Teachers often see different aspects of children's grief reflected in the world of the classroom. Some bereaved children may exhibit sadness, anger, and learning difficulties. Other children may go in the opposite direction, and become over-achievers. Adults can offer important reassurance to children by being accepting and warm. Psychologists who specialize in working with children experiencing bereavement issues emphasize that there is no "best way" or "right way" to grieve. No one can predict the rate and intensity people feel when confronted with loss. In particular, younger children may have a hard time grasping many of the abstract concepts of death, most especially its finality. Remember, the goal is to learn how to honor the dead and comfort the mourners.
When reading books aloud on sensitive subjects such as sibling death, attention must be paid to how children may respond. If you have questions about how to approach a grieving child, do not hesitate to contact either a school guidance counselor or call your local center for grieving children. (For more information, see the local resource links on the right.) Finally, please remember that children who are grieving are very vulnerable and some may be unprepared to discuss this subject, ESPECIALLY in a group context. Some children may need to deal more privately with their losses, and want their school routines to remain as normal as possible.
It's not unusual to feel unsure about what to say to bereaved children, and teachers are often especially challenged to find the right approach. Luckily, most communities now have good resources to support families and educators. Contacting these centers is easy because many have a presence on the web. These centers can give offer advice on a broad range of topics that may be helpful—especially if the situation is complicated. Getting guidance when responding to losses that result from situations such as a stillbirth or a traumatic death can be especially helpful. Grief reactions in those circumstances can be different than those experienced by children who have lost family members or friends to natural causes. Sudden traumatic death—whether brought about by tragic accident, combat, suicide, or the criminal actions of others—can leave survivors in need of special care. However, it is important to note that death (of all kinds) is traumatic event in any child's life, so the key is to see how children seem to be responding and base support on the identified needs. Teachers may welcome advice on: understanding developmentally appropriate grief reactions; setting the right emotional tone in the classroom; knowing when to encourage the bereaved child to talk; strategies to develop listening skills and build empathy among classmates.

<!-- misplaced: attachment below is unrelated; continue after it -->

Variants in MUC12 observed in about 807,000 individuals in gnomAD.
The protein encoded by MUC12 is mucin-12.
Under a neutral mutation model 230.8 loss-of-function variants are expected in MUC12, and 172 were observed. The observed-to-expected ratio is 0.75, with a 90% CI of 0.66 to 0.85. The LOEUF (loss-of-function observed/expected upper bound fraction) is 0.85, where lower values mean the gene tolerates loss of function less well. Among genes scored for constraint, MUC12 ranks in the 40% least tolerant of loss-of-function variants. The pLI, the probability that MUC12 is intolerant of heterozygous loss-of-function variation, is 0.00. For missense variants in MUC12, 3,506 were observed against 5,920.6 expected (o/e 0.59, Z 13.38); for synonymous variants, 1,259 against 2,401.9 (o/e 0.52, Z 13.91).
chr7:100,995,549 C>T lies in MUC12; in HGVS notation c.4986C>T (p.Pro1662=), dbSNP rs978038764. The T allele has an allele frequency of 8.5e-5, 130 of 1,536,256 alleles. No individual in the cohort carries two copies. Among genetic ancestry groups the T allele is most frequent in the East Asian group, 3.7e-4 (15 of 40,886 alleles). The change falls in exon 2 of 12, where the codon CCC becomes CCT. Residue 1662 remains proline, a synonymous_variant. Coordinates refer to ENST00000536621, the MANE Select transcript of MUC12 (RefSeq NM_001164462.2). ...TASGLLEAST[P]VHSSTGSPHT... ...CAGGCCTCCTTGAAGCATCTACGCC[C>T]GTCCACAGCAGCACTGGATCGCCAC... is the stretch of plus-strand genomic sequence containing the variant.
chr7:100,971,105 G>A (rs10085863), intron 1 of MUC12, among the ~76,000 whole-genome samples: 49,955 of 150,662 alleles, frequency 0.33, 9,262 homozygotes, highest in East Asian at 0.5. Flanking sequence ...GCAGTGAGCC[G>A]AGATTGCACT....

Jean Reagan wrote Always My Brother hoping to help bereaved children and families understand and work through their grief. Whether you've gone through a loss of a sibling, or know a family
coping with grief, this special book can help with the challenges families surviving loss often face. We believe that Always My Brother will become a valuable resource for all those living and working with bereaved children.
Always My Brother can be used as part of a curriculum that is designed for elementary-age children who have experienced the death of a family member or friend. It may help inspire classroom conversations about:
Memories, and the role they play in healing from a loss
Things we can do to stay safe and healthy
How friends can help grieving classmates.
Simple Ideas for Things Schools Can Do to Help Families After a Loss:
Take time to honor the bereaved child's loss and create a ritual in which the class can participate.
Deliver flowers or meals to the grieving family.
Establish an ongoing fund-raiser such as a car wash or bake sale, with proceeds going toward the family's designated charity.
Donate to a local center that serves grieving children and their families in the memory of the loved one.
We All Wonder What to Say:
Your students probably wonder what Becky's friends could have said or done that would have been helpful after Becky's brother John died. Here are a few simple suggestions:
I am sorry that John died, I bet you miss him a lot.
John and you looked like you were really close. I'm so sorry this happened.
I will always remember your brother. He was a great guy!
Also, it really is okay to say John's name out loud. It's better to say something, than to try to pretend nothing happened.
And don't forget Becky would still want invitations to parties and sleepovers.
The Fall of Freddie the Leaf: A Story of Life for All Ages by Leo Buscaglia (Slack, 1982)
The story of Freddie and his companion leaves, who change with the seasons and finally fall to the ground with the winter snow.
When Dinosaurs Die: A Guide to Understanding Death by Laurie Krasny Brown (Little Brown, 1998)
Using some appealingly quirky characters, this book answers some basic questions about death.
Help Me Say Goodbye: Activities for Helping Kids Cope When a Special Person Dies by Janis Silverman (Fairview, 1999)
An art therapy and activity book encouraging children to express in pictures what they might not be able to say.